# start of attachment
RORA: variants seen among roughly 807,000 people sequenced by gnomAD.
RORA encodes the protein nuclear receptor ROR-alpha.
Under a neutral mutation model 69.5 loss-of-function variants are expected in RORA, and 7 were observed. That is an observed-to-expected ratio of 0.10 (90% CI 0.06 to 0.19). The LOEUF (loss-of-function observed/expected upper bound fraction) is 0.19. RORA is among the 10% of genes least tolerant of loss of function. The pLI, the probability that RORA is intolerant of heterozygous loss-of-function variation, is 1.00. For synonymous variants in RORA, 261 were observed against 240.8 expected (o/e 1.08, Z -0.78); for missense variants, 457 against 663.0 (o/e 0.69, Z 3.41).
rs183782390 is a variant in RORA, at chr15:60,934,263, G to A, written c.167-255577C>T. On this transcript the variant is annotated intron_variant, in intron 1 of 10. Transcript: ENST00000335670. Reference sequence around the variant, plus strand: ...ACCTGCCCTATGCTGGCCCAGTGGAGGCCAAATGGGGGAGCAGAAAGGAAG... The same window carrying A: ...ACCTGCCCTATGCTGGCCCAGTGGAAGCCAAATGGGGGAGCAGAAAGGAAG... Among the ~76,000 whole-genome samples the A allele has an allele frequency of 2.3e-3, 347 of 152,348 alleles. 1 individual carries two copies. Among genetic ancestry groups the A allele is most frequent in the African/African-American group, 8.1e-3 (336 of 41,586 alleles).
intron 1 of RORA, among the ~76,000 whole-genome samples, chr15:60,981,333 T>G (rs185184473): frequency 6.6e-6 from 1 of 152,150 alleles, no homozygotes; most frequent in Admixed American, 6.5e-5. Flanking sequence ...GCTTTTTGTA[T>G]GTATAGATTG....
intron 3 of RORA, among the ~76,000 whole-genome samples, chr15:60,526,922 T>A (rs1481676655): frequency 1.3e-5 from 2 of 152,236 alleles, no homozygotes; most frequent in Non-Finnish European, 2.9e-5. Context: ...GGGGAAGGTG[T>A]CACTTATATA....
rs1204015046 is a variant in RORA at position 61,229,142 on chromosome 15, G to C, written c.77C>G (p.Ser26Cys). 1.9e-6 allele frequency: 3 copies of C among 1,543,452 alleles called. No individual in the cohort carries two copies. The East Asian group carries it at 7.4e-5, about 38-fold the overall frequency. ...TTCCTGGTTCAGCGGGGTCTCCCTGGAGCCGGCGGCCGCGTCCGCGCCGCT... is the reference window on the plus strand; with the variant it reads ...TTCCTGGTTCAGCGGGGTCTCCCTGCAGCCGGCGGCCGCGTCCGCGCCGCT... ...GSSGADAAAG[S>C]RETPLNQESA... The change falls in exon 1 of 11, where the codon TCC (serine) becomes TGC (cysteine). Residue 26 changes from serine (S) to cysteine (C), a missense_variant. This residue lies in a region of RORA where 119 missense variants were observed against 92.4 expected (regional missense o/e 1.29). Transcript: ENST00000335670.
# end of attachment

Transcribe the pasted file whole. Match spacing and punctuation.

RORA: variants seen among roughly 807,000 people sequenced by gnomAD.
RORA encodes the protein nuclear receptor ROR-alpha.
Under a neutral mutation model 69.5 loss-of-function variants are expected in RORA, and 7 were observed. That is an observed-to-expected ratio of 0.10 (90% CI 0.06 to 0.19). The LOEUF (loss-of-function observed/expected upper bound fraction) is 0.19. RORA is among the 10% of genes least tolerant of loss of function. The pLI, the probability that RORA is intolerant of heterozygous loss-of-function variation, is 1.00. For synonymous variants in RORA, 261 were observed against 240.8 expected (o/e 1.08, Z -0.78); for missense variants, 457 against 663.0 (o/e 0.69, Z 3.41).
rs183782390 is a variant in RORA, at chr15:60,934,263, G to A, written c.167-255577C>T. On this transcript the variant is annotated intron_variant, in intron 1 of 10. Transcript: ENST00000335670. Reference sequence around the variant, plus strand: ...ACCTGCCCTATGCTGGCCCAGTGGAGGCCAAATGGGGGAGCAGAAAGGAAG... The same window carrying A: ...ACCTGCCCTATGCTGGCCCAGTGGAAGCCAAATGGGGGAGCAGAAAGGAAG... Among the ~76,000 whole-genome samples the A allele has an allele frequency of 2.3e-3, 347 of 152,348 alleles. 1 individual carries two copies. Among genetic ancestry groups the A allele is most frequent in the African/African-American group, 8.1e-3 (336 of 41,586 alleles).
intron 1 of RORA, among the ~76,000 whole-genome samples, chr15:60,981,333 T>G (rs185184473): frequency 6.6e-6 from 1 of 152,150 alleles, no homozygotes; most frequent in Admixed American, 6.5e-5. Flanking sequence ...GCTTTTTGTA[T>G]GTATAGATTG....
intron 3 of RORA, among the ~76,000 whole-genome samples, chr15:60,526,922 T>A (rs1481676655): frequency 1.3e-5 from 2 of 152,236 alleles, no homozygotes; most frequent in Non-Finnish European, 2.9e-5. Context: ...GGGGAAGGTG[T>A]CACTTATATA....
rs1204015046 is a variant in RORA at position 61,229,142 on chromosome 15, G to C, written c.77C>G (p.Ser26Cys). 1.9e-6 allele frequency: 3 copies of C among 1,543,452 alleles called. No individual in the cohort carries two copies. The East Asian group carries it at 7.4e-5, about 38-fold the overall frequency. ...TTCCTGGTTCAGCGGGGTCTCCCTGGAGCCGGCGGCCGCGTCCGCGCCGCT... is the reference window on the plus strand; with the variant it reads ...TTCCTGGTTCAGCGGGGTCTCCCTGCAGCCGGCGGCCGCGTCCGCGCCGCT... ...GSSGADAAAG[S>C]RETPLNQESA... The change falls in exon 1 of 11, where the codon TCC (serine) becomes TGC (cysteine). Residue 26 changes from serine (S) to cysteine (C), a missense_variant. This residue lies in a region of RORA where 119 missense variants were observed against 92.4 expected (regional missense o/e 1.29). Transcript: ENST00000335670.